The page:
Roughly two years ago, Hernando County Port Authority Vice Chairman Steve Barton was working on a boat at the Hernando Beach Marina when he noticed another boat nearby in obvious disrepair. Barton approached the Marina owner who told him, “Man we’ve been trying to get rid of that for years.”
Barton thought this large vessel constructed of ferroconcrete would make a great addition to the Bendickson reef.
The Ghost Ship, named for its mysterious past was towed to its final resting place on Tuesday, April 23, 2019, where it became part of the Bendickson Reef. The vessel, which may have been purchased from the Clearwater Marine Aquarium may have also been involved in smuggling operations. Its final owner is believed to have died roughly 15 years ago. No one is really certain.
The old schooner wasn’t merely parked at the marina, it was completely submerged and needed to be emptied of water, oil and fuel contaminants and other contents to allow the vessel to be towed.
Barton took his Ghost Ship idea to the Port Authority, and later to the Army Corps of Engineers for their approval. “It took about a year and a half to get approval,” Barton said. During this time, members of the Port Authority and community volunteers readied the boat, removing 7-8 dumpsters of debris from the vessel.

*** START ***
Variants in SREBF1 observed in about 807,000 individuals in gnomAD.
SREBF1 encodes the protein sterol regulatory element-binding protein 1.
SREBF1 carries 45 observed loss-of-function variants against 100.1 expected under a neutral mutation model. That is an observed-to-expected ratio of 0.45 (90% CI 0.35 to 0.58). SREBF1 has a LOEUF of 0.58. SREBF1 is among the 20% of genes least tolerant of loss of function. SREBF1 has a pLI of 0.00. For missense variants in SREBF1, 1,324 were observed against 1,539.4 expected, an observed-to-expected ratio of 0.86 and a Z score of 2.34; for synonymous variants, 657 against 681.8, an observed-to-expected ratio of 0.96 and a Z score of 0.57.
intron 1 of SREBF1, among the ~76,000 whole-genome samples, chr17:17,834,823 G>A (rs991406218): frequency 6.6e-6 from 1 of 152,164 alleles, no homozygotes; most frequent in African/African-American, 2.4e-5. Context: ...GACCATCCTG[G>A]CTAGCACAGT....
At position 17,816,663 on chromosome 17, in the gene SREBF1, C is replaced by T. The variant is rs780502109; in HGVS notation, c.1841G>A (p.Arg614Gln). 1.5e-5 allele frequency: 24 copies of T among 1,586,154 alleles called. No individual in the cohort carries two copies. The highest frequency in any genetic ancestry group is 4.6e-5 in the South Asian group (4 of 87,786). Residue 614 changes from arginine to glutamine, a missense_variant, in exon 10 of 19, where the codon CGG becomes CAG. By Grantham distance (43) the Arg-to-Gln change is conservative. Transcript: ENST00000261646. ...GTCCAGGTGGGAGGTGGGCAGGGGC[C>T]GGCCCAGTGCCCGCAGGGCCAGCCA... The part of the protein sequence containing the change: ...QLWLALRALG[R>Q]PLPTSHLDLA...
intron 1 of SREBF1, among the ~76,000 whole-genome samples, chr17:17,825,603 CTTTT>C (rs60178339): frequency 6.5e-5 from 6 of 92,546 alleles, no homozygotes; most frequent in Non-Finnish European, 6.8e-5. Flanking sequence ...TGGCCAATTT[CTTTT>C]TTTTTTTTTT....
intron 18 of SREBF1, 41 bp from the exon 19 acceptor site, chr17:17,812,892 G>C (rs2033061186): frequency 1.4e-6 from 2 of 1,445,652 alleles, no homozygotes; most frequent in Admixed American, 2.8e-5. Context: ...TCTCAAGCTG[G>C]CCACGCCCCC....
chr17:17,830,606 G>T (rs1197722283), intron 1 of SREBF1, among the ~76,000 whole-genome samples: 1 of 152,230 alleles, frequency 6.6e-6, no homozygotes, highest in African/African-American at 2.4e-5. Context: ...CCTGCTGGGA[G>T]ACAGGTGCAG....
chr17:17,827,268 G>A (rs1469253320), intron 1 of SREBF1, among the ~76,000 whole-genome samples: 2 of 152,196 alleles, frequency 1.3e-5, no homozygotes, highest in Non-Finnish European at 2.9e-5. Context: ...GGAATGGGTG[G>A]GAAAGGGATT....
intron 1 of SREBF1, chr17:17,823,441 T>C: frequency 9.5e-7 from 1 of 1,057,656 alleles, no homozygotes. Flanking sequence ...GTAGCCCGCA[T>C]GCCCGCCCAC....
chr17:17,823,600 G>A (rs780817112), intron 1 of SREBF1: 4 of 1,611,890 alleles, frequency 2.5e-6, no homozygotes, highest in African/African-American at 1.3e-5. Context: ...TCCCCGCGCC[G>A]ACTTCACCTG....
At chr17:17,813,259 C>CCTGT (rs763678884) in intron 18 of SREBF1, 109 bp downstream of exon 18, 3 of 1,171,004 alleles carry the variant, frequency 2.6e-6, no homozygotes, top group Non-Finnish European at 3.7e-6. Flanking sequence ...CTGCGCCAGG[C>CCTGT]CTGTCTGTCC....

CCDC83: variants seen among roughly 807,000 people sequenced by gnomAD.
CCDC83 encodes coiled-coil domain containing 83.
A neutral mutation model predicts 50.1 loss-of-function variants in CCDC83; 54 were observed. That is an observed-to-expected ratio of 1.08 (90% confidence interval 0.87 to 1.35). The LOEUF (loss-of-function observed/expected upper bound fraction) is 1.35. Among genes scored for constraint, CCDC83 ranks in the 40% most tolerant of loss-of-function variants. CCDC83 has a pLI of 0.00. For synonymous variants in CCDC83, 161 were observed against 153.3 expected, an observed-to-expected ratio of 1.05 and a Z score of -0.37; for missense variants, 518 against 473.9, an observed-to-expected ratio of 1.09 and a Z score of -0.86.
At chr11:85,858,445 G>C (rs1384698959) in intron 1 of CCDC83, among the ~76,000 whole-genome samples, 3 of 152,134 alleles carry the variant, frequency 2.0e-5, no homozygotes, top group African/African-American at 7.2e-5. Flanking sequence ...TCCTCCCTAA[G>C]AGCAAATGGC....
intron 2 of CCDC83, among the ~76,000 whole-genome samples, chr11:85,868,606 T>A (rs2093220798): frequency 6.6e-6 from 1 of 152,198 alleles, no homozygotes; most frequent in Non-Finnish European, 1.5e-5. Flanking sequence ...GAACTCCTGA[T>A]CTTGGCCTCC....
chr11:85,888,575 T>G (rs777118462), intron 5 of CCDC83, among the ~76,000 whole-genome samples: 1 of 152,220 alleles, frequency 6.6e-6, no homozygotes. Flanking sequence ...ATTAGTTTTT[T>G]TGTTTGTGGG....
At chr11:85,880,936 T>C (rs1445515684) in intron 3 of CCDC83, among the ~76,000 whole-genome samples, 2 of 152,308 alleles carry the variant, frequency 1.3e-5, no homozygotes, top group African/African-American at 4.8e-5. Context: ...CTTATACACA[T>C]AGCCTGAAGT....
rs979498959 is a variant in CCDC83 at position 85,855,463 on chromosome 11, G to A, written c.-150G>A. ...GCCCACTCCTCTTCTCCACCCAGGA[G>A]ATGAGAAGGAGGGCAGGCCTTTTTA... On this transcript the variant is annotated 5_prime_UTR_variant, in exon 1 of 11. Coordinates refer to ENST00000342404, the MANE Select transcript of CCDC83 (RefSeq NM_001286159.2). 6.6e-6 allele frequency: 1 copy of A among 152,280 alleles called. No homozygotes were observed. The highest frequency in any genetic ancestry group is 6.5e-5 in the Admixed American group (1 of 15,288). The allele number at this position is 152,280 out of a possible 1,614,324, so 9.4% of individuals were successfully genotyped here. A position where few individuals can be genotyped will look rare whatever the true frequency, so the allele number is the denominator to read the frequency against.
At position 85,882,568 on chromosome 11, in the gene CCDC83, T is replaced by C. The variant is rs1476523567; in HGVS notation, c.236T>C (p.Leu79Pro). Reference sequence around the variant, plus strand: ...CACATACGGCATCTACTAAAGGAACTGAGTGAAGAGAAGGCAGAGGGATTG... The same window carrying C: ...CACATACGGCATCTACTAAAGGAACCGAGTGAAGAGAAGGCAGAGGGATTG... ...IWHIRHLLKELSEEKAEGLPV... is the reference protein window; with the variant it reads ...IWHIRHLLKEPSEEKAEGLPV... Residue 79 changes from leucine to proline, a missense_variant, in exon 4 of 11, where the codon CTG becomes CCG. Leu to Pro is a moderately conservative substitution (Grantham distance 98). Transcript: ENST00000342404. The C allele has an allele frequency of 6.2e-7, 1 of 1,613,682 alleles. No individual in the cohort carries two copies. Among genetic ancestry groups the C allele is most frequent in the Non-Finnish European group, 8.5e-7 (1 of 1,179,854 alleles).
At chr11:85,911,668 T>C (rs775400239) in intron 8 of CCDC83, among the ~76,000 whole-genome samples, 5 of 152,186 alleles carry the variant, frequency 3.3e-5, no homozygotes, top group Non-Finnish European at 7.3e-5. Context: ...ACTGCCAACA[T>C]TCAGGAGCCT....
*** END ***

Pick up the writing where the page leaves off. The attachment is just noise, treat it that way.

Port Authority Chairman Frank Santo commissioned the plaque and affixed it to the stern, giving the stately but badly worn vessel its proper name.
The project was funded by donations of cash and labor, and the Ghost Ship was towed to the reef site by services donated by Tow Boat US and Port Authority member Captain Michael Senker. Moving at a careful pace of 5-7 knots, the tow boat guided the Ghost Ship twenty miles west of Hernando Beach, followed by The Second Wind piloted by Captain Santo. The Second Wind passengers consisted of Port Authority members, and others that volunteered their time and training to this project.
Aquatics Director Keith Kolasa oversaw the process that pumped water into the Ghost Ship that would ultimately sink it. Five other vessels carrying divers and other team members were also in attendance to assist. Also witnessing the event were several vessels that happened to be in the area, coming in for a closer look. From one emerged a paddle-boardist, who remained a safe distance from the sinking of the 46-foot schooner. An estimated 21 boats were in the area at the time.
It took only 30 minutes to sink the Ghost Ship.
The Bendickson Reef project began in April of 1995 when ten M60 Patton main battle tanks were submerged over an 11 acre area to provide a habitat for fish and other marine life, and serves as a destination for anglers and divers.
In 2017, 600 tons of concrete material was added to the reef.